Panama debates regulating cryptocurrencies as a payment method

The Trade Commission for Economic Affairs of the Parliament of Panama is debating the two rules to regulate cryptocurrencies as a means of payment

The Trade Commission for Economic Affairs of the Parliament of Panama resumed the debate of the two bills that aim to regulate cryptocurrencies in the country. The proposals were presented by deputy Cenobia Vargas, last August, and independent assemblyman Gabriel Silva in September 2021.

The commission is analyzing both legislative proposals in order to select one of them or combine them and draft the final proposal of the commission, which would be sent to the Assembly for review.

The National Assembly of Panama reported through the instant messaging Twitter that a subcommission was created to unify the criteria of bill 696, which regulates “the use of cryptocurrencies as payment methods and everything related to blockchain technology in Panama and 697, Crypto Law: what makes Panama compatible with the digital economy”.

Scenario of cryptocurrencies

The legislative proposals differ in their approach to the regulation of digital currencies in the country. The proposal presented by Deputy Vargas, known as Bill 696, refers to the regulation of “bitcoin and ether”. And it includes other currencies in the regulation such as the “tether stable currency”.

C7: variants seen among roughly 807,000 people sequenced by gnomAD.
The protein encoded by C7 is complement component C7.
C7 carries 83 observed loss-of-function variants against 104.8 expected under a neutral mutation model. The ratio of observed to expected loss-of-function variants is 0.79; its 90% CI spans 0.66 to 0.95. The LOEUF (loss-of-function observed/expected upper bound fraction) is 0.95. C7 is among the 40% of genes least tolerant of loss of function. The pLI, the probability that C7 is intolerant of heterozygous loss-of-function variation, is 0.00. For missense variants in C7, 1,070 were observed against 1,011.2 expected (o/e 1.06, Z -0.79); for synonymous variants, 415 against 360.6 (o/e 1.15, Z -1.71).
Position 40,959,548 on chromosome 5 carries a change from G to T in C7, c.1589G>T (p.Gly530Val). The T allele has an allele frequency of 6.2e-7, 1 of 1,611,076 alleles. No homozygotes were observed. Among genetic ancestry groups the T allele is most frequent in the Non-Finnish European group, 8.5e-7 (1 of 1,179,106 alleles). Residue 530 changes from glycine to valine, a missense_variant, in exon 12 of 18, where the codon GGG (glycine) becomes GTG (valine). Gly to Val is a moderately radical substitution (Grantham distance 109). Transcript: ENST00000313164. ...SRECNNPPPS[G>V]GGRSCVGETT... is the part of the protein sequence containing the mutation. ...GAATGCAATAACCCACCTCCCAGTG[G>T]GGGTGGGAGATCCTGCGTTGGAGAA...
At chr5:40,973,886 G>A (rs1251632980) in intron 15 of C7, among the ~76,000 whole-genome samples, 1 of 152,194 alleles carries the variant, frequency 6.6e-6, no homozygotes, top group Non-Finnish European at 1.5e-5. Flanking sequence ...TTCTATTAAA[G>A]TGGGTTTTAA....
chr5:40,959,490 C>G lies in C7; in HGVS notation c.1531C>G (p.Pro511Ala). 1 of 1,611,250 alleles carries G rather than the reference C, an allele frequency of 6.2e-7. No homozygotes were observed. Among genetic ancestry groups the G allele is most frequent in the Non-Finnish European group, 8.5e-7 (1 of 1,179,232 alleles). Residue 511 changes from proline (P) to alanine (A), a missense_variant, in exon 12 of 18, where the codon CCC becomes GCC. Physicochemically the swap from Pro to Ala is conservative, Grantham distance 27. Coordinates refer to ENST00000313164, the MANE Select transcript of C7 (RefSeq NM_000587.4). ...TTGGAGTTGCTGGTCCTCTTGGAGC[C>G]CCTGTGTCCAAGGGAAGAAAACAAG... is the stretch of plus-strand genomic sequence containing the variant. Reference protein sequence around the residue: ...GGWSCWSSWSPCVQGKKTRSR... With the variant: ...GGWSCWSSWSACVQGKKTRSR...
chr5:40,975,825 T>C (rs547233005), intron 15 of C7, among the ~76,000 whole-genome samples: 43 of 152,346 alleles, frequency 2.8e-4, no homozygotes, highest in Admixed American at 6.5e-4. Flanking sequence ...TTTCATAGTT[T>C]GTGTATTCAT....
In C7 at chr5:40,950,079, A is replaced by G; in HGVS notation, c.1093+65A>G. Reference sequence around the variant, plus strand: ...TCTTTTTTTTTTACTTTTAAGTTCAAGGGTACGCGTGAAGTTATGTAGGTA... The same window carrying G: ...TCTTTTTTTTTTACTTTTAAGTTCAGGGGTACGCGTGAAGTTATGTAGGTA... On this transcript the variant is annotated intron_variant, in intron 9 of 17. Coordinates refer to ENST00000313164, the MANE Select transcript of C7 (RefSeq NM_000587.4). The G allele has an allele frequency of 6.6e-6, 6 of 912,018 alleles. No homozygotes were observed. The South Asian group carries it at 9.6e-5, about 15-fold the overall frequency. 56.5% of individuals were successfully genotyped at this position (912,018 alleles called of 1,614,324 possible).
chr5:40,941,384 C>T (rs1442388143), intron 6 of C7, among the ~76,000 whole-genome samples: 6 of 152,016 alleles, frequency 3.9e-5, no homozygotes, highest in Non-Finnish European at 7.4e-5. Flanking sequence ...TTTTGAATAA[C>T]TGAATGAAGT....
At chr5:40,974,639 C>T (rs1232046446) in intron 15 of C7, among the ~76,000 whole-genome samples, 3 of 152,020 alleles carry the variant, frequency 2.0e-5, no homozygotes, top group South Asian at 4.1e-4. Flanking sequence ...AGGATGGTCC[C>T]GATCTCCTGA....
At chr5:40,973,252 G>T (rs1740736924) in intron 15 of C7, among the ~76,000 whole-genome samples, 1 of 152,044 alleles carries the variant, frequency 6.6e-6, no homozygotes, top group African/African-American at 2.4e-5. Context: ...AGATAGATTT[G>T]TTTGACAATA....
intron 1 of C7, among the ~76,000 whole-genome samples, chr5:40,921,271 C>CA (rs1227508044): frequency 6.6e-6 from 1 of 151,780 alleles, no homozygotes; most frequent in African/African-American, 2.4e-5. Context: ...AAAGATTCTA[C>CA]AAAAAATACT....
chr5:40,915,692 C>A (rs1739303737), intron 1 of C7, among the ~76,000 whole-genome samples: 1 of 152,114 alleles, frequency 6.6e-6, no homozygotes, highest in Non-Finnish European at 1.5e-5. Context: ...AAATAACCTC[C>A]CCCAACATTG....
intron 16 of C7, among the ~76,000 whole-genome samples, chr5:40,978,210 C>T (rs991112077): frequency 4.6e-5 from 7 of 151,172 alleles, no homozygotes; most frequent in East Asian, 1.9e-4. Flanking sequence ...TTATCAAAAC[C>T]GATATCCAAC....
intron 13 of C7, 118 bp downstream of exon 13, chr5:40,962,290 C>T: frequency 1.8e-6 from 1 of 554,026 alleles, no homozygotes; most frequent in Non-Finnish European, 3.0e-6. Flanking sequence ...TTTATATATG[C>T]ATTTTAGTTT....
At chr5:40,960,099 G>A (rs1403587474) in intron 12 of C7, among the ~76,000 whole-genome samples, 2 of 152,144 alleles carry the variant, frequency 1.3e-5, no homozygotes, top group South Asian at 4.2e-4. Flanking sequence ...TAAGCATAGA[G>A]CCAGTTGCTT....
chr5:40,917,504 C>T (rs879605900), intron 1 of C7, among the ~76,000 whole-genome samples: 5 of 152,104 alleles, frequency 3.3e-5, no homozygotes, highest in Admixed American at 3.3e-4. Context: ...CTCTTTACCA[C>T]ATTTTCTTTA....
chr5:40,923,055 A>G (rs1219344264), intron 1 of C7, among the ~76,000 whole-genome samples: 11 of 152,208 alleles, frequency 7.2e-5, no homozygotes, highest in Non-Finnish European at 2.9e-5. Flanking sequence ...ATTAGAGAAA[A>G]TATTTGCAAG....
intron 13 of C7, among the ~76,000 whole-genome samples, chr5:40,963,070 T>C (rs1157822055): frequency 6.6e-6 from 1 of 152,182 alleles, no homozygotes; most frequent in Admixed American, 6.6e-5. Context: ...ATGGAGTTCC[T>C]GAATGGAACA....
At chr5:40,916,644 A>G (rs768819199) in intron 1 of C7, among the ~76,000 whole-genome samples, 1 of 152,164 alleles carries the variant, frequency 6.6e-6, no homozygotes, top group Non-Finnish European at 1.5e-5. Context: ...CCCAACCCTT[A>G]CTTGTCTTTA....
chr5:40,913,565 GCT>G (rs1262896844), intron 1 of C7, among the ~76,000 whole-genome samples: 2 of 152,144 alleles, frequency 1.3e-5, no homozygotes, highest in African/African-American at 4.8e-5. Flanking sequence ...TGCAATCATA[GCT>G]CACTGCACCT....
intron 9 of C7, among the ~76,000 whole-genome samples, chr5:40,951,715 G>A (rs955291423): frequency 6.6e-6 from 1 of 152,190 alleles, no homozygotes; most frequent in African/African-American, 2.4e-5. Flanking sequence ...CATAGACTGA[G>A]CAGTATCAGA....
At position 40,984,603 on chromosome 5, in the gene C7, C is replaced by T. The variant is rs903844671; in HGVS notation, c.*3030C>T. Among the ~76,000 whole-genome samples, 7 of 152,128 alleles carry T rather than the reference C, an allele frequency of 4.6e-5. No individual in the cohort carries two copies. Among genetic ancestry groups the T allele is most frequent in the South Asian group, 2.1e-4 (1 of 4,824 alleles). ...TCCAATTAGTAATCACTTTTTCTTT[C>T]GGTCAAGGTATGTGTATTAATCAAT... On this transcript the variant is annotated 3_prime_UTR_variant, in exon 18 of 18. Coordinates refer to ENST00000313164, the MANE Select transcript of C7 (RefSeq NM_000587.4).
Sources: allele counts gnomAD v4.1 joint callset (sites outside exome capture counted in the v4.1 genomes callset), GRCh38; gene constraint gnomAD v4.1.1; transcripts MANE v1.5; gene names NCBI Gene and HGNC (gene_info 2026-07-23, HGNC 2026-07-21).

Vargas also refers to “other types of tokens, such as NFTs (non-fungible tokens) or the 7even Utility Token (7UT)”, highlighting that “7UT would be an excellent means of payment for Panamanian businesses.”

For his part, Assemblyman Silva explains in his Bill 697 the potential that the regulation of cryptocurrencies “bitcoin and ether, and admitting them as a means of payment” would have. The deputy also explains in the project the opportunities that investors and entrepreneurs can have with the regulation of cryptocurrencies.

Currently, both Vargas and Silva are defending their respective proposals and answering each and every one of the doubts or questions from their colleagues within the commission. The latter will present its conclusions to the National Assembly so that it proceeds to discuss the project presented again, later they will proceed to its deliberation and vote.

If the project manages to advance and obtain a favorable result, it will be issued to the President of Panama, who will have the responsibility of definitively approving or rejecting the Law.

M. Rodríguez


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